Protix reveals new LCA knowledge for its insect derived components

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Protix reveals new LCA data for its insect derived ingredients

The LCA study shows that the land and water consumption as well as the CO2 emissions for its insect-based ingredients are significantly lower than for conventional ingredients such as soy protein concentrate, palm kernel oil or fishmeal.

According to the results of the DIL run, the Dutch company’s insect meal ProteinX (with 1.149 kg CO2 equivalent) has a carbon footprint almost seven times smaller than soy protein concentrate (with 7.5 kg CO2 equivalent) used in livestock and aqua feed .

In addition, Flytilizer, Protix’s insect-based fertilizer, had only 0.02 kg of CO2 equivalent per kg of product, according to the data read.

The DIL report also found that each kilogram of ProteinX reduces water use by 330 liters (190 liters versus 520 liters for soy protein concentrate), the company said.

Replacing coconut oil with LipidX in pet and livestock feed gives back to nature over 12m2 of farmland for every kilogram of fat. LipidX uses 0.898 m2 of land compared to coconut oil’s 12.98 m2, the company reported.

Kees Aarts, CEO and co-founder of Protix, said the results confirm the sustainability of its insect products. “We are now in a position to build on our results and expand internationally. With new international production facilities, we are confident of achieving even better sustainability results.”​

The developer outlined how he is also in the process of building a broader scientific base for his portfolio by collaborating with customers, scientific and academic institutions and other stakeholders.

rearing of substrates

Meanwhile, over 150 participants from Europe and beyond gathered at the International Platform of Insects for Food and Feed (IPIFF) for their annual event in Brussels yesterday.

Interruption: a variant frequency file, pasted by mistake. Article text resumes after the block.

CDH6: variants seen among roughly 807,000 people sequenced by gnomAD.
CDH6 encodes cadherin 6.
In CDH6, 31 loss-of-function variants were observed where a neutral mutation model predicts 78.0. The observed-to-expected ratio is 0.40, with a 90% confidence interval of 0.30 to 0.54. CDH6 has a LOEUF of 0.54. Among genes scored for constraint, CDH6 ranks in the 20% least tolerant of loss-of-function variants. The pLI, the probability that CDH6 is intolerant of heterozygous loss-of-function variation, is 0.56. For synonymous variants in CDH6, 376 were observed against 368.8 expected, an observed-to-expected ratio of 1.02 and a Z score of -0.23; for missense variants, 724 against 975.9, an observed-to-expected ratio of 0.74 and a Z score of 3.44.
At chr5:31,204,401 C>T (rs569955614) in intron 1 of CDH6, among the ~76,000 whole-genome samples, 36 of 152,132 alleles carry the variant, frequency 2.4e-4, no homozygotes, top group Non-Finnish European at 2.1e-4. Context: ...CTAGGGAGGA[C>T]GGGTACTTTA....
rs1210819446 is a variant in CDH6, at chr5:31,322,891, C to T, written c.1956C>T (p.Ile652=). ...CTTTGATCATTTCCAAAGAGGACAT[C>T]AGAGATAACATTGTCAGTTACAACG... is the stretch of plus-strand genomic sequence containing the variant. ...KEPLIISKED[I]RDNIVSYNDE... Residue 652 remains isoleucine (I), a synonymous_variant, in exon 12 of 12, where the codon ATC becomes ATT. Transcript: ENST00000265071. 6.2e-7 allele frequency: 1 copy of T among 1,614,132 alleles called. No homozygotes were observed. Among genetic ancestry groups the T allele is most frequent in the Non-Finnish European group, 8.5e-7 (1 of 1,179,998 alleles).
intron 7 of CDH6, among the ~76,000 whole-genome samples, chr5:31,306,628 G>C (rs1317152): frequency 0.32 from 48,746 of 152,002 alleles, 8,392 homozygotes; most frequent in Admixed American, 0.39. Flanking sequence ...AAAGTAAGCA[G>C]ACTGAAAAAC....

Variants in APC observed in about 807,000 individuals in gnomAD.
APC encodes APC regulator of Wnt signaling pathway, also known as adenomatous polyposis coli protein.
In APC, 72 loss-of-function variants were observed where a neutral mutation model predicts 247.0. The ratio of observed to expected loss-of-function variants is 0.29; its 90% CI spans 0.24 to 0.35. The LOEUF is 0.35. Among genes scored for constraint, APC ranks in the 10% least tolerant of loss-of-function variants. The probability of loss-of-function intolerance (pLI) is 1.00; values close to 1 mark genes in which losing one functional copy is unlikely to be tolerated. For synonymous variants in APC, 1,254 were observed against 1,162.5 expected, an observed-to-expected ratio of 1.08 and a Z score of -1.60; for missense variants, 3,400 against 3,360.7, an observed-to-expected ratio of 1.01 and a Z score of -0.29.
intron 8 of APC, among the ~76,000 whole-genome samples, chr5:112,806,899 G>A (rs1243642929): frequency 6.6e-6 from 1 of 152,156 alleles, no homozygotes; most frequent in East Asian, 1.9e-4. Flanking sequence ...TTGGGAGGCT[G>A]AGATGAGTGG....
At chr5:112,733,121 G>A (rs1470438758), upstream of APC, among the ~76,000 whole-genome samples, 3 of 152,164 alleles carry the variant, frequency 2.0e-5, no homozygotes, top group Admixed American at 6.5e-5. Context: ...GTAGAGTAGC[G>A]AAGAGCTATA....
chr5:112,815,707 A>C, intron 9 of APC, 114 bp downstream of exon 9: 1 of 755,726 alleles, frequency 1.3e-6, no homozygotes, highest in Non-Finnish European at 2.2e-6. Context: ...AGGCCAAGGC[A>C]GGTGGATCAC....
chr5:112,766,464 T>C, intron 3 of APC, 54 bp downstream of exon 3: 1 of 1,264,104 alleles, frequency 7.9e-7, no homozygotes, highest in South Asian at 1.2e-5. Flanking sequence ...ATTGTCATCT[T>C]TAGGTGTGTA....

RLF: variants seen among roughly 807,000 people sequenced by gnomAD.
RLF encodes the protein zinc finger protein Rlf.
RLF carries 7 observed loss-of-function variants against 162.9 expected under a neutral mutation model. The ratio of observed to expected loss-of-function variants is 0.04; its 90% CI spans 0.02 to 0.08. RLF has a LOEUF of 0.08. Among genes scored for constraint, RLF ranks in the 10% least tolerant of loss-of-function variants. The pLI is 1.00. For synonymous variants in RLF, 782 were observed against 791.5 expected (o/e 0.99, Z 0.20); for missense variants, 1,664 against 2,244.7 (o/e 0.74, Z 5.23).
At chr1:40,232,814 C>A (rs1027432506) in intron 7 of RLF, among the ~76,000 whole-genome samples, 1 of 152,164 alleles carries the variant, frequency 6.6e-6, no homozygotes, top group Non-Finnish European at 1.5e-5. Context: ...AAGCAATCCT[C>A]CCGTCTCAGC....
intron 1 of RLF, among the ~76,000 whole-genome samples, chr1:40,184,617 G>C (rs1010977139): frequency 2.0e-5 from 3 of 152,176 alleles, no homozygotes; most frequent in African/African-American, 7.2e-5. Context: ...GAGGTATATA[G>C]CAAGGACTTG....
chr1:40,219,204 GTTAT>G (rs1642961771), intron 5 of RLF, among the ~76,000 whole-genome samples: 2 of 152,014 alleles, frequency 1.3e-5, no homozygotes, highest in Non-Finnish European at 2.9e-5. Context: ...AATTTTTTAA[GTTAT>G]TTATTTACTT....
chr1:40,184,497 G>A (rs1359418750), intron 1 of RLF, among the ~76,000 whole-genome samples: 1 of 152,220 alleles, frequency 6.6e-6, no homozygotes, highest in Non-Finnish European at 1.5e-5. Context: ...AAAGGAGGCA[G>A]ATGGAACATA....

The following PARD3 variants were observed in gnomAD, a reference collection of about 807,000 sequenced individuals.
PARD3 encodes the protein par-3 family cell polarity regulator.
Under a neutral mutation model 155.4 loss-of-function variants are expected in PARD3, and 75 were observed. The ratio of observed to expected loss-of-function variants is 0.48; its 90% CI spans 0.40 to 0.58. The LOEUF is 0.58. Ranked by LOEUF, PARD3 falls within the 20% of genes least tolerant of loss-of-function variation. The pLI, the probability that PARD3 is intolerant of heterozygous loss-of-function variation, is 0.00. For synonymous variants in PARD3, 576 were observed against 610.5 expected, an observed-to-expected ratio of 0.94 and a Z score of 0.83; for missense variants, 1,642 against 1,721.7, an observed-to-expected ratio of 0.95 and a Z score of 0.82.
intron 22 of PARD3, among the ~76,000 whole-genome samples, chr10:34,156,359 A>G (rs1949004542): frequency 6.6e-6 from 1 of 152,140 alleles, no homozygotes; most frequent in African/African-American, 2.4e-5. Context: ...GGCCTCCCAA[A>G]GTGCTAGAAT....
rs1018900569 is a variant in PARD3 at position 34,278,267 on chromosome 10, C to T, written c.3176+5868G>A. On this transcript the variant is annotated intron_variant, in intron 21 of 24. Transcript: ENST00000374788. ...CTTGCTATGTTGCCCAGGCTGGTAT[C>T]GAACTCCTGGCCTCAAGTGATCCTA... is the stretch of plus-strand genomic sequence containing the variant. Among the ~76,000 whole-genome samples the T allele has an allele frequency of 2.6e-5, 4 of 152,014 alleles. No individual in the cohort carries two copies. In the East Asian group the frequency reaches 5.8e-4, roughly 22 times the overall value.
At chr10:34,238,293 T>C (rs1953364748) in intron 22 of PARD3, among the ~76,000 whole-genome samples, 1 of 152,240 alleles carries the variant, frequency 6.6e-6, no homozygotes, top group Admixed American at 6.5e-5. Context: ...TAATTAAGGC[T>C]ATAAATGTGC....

This conference was attended by several high-level speakers who are experts in the fields of insect production and other agri-food sectors, as well as representatives of the EU Commission, the EU Parliament and the UN Food and Agriculture Organization (FAO).

“The role of alternative proteins such as insects can help reduce our dependency on critical feeds and mineral fertilizers and support the transition to sustainable food systems, while also helping to address the increasing food security challenges following the Russian invasion of Ukraine .” commented IPIFF President Adriana Casillas in her opening speech.

The keynote speaker, Francisco Reviriego Gordejo, Head of the Animal Health Unit at DG SANTE, underlined the reforms so far under the EU’s Farm to Fork strategy that have helped to support the growth of the insect sector, including the approval of insect proteins for Pig and poultry feed and establishment of basic standards for insect droppings. He also discussed ongoing steps to further exploit the circulatory potential of insects, including the idea of ​​using ex-food containing meat and fish as a substrate for insects.

MEP Martin Hlaváček stressed the need to expand the range of substrates available for insect production as well.

“Diversifying the range of approved substrates used in insect farming is seen as key to reducing the footprint of insect farming while also representing a promising way to address the problem of food waste,” says IPIFF’s Antoine Hubert.